Needless to say, there is a rapid and irrevocable merger of immigration and criminal laws taking place, expanding the category of immigration crimes. The violation of immigration laws were previously considered as an administrative matter and dealt with in civil courts; however, increasingly such infringements are considered as a criminal offence, giving a strong indication of the hyper-exclusion and marginalisation of migrants.
Over the past decade, eighty-four immigration offences have been created (excluding the ones mentioned above), which includes deception intended to circumvent immigration enforcement measures, false representation by asylum claimants, and a failure to produce a passport or cooperate with deportation/removal procedures. Offences such as, possessing fake identity documents (passport, ID card or any other documents), are also used against those who break immigration laws and are prosecuted in criminal courts. Such laws have serious repercussions for migrants and ways in which they are treated by the system.
In my recent article I explored how asylum seekers and irregular migrants who committed ‘crimes’ by breaching immigration laws were consequently labelled and treated as ‘dangerous criminals’ by various state authorities. This article narrated their experiences of and on-going suffering inflicted by the British immigration and criminal justice systems. I noted that, in many cases, destitution/homelessness was one of the key factors behind committing such ‘crimes’, and restrictive immigration policies and procedures were increasing their vulnerability, and pushing them to commit (what are now constructed as) offences.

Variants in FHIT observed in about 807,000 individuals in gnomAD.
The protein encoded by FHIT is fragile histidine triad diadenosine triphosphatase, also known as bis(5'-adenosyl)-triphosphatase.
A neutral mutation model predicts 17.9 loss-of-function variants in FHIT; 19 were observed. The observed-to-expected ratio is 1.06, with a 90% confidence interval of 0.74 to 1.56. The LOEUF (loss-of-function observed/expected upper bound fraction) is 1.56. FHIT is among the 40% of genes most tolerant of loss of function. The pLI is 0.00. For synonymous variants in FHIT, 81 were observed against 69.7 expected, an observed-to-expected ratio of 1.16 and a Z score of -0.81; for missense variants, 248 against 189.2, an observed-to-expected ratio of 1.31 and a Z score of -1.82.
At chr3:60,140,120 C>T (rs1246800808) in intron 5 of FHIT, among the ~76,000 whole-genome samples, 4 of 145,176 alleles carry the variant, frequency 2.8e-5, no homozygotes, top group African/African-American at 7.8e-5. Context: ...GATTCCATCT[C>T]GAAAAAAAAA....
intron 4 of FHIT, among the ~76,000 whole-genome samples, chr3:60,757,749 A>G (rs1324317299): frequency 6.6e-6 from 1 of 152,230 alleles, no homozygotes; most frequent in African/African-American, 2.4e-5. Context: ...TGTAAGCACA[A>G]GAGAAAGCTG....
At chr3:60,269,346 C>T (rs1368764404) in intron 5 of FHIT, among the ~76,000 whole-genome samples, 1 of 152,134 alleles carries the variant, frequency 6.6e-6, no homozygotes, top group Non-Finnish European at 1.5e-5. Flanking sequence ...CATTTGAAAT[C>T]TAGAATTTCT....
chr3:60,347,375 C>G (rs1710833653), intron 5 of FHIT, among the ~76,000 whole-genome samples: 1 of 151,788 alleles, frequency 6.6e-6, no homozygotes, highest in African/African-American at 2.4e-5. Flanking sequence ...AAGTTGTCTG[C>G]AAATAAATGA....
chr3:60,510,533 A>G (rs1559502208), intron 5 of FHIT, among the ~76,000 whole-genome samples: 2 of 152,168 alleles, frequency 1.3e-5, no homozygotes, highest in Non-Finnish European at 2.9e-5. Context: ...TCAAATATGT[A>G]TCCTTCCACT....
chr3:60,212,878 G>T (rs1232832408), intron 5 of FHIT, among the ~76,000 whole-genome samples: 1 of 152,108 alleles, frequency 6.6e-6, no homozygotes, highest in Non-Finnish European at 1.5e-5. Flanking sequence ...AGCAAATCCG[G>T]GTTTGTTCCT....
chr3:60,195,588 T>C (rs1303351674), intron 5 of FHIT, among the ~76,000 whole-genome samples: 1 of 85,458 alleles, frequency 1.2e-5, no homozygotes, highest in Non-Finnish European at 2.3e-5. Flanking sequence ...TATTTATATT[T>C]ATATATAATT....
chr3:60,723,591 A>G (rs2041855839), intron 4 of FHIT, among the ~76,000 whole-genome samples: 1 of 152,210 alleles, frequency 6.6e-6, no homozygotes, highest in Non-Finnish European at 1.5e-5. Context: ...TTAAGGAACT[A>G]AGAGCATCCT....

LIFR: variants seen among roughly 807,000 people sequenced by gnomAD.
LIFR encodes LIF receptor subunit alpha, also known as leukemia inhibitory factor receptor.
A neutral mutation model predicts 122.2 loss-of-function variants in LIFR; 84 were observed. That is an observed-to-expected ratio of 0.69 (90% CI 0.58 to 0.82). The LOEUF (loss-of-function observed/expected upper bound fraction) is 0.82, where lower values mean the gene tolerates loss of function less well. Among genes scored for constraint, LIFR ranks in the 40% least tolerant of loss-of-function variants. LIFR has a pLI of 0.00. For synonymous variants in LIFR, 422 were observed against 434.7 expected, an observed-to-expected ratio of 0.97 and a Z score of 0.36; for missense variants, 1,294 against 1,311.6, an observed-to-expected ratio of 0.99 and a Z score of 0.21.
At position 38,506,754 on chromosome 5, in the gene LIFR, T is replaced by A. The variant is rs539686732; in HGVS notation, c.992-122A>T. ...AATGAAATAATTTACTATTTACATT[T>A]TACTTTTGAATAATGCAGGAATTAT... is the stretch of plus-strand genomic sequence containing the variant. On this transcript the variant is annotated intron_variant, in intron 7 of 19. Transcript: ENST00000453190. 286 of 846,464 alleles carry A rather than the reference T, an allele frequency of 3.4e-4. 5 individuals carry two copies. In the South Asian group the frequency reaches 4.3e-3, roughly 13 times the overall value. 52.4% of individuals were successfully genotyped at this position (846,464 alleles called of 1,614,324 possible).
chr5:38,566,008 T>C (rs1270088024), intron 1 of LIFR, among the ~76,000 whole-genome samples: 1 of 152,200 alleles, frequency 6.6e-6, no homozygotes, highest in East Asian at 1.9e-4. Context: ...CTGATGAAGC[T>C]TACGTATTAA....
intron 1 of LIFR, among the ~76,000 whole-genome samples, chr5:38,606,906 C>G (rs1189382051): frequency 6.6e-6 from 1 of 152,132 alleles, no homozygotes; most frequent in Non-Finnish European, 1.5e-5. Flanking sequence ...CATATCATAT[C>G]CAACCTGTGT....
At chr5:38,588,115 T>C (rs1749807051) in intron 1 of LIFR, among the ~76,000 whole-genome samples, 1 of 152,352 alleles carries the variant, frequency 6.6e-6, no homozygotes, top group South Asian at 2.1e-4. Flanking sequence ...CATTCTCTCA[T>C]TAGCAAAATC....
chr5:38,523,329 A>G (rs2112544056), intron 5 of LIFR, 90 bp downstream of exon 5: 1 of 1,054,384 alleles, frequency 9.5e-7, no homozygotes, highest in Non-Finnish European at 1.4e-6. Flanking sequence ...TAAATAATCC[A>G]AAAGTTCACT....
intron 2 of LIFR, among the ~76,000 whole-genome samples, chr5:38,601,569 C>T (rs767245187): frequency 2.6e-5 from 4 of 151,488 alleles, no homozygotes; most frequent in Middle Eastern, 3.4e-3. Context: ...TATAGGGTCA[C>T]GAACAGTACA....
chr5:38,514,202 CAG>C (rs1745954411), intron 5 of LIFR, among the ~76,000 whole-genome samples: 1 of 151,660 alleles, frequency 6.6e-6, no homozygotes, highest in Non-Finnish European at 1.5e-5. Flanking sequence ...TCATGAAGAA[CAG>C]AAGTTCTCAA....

This takes me to the final point on destitution, detention and deportation. Over the past few years, drastic restrictions have been imposed on asylum support, due to the prevailing rhetoric that ‘bogus’ migrants are attracted to Britain because of generous welfare provisions and need to be deterred from coming here. Consequently, the hostile Immigration Act 2016 has implemented further measures to restrict support, and use destitution as a policy lever to compel ‘bogus’ migrants to depart from the country. This has and will continue to drive vulnerable asylum seekers, especially those whose claims have been turned down, to work ‘illegally’ in the underground economies, where they could be subjected to further harms and violence. A lack of documentation, an ‘illegal’ status and the threat of deportation, are used as a coercive tool by employers to degrade, abuse, and exploit migrants.